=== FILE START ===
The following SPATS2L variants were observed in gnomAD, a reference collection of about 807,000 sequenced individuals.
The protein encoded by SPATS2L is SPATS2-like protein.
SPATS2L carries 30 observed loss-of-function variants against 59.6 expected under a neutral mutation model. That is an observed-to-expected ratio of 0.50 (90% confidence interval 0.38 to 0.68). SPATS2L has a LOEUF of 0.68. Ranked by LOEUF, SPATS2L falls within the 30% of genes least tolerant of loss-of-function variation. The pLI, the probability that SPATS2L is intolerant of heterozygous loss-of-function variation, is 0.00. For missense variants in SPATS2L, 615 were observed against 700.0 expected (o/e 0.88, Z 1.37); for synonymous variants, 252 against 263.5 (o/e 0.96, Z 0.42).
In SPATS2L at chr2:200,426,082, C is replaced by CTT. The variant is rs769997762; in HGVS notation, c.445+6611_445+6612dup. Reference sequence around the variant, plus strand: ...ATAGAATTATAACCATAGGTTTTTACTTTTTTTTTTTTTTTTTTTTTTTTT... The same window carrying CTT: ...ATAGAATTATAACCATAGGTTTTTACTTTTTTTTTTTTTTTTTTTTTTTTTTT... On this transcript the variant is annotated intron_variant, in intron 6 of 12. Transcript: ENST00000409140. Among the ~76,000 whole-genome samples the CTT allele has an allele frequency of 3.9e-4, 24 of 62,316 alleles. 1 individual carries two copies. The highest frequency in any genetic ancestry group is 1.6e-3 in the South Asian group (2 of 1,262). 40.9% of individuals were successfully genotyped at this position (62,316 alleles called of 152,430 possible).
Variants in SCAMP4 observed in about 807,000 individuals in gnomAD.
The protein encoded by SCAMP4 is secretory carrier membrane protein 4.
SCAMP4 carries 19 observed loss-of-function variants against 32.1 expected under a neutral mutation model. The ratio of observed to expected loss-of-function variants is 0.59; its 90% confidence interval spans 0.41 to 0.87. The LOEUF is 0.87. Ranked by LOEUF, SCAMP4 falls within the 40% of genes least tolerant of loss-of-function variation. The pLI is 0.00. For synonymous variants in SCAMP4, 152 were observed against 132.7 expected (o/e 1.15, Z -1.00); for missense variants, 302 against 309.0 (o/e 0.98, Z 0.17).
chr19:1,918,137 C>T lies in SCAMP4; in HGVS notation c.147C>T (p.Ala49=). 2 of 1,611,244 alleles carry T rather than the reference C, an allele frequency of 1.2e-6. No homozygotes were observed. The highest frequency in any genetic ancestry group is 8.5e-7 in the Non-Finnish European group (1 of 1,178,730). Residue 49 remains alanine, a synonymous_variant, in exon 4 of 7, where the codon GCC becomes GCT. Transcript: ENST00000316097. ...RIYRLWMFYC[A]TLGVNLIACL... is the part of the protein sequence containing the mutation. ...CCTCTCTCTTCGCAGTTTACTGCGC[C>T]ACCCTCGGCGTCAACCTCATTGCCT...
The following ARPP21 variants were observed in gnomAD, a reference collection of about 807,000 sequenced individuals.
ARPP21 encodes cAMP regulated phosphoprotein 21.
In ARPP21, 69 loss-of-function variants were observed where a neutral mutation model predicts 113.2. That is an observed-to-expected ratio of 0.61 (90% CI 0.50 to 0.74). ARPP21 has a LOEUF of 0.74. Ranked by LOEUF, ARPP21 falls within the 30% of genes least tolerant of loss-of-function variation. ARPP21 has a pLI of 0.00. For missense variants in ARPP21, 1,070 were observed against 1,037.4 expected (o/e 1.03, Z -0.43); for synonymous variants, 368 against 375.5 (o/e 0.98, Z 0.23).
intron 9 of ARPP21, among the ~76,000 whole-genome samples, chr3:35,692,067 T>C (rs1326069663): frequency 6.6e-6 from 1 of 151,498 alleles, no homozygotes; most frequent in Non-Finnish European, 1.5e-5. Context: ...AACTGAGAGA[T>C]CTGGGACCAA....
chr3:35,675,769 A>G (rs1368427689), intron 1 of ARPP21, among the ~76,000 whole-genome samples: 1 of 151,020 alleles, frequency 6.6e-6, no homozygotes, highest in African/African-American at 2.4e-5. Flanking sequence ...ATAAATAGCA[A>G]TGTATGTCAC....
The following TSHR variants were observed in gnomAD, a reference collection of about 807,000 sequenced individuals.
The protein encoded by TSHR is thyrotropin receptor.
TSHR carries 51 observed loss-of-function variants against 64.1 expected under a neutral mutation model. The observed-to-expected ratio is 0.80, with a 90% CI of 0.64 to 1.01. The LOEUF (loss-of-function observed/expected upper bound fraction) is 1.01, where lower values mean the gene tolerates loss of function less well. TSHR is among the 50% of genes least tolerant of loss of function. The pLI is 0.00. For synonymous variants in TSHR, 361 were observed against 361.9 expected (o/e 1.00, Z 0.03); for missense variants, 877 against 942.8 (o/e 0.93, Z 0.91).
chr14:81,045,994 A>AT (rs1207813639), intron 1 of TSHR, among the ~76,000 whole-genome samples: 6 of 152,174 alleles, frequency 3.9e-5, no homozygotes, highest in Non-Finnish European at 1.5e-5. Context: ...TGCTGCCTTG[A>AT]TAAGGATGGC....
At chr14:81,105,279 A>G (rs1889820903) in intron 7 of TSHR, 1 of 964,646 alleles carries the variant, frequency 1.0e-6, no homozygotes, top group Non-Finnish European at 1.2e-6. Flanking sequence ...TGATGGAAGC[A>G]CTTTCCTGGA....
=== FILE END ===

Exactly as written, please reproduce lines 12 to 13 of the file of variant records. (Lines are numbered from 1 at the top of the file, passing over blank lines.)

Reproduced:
intron 9 of ARPP21, among the ~76,000 whole-genome samples, chr3:35,692,067 T>C (rs1326069663): frequency 6.6e-6 from 1 of 151,498 alleles, no homozygotes; most frequent in Non-Finnish European, 1.5e-5. Context: ...AACTGAGAGA[T>C]CTGGGACCAA....
chr3:35,675,769 A>G (rs1368427689), intron 1 of ARPP21, among the ~76,000 whole-genome samples: 1 of 151,020 alleles, frequency 6.6e-6, no homozygotes, highest in African/African-American at 2.4e-5. Flanking sequence ...ATAAATAGCA[A>G]TGTATGTCAC....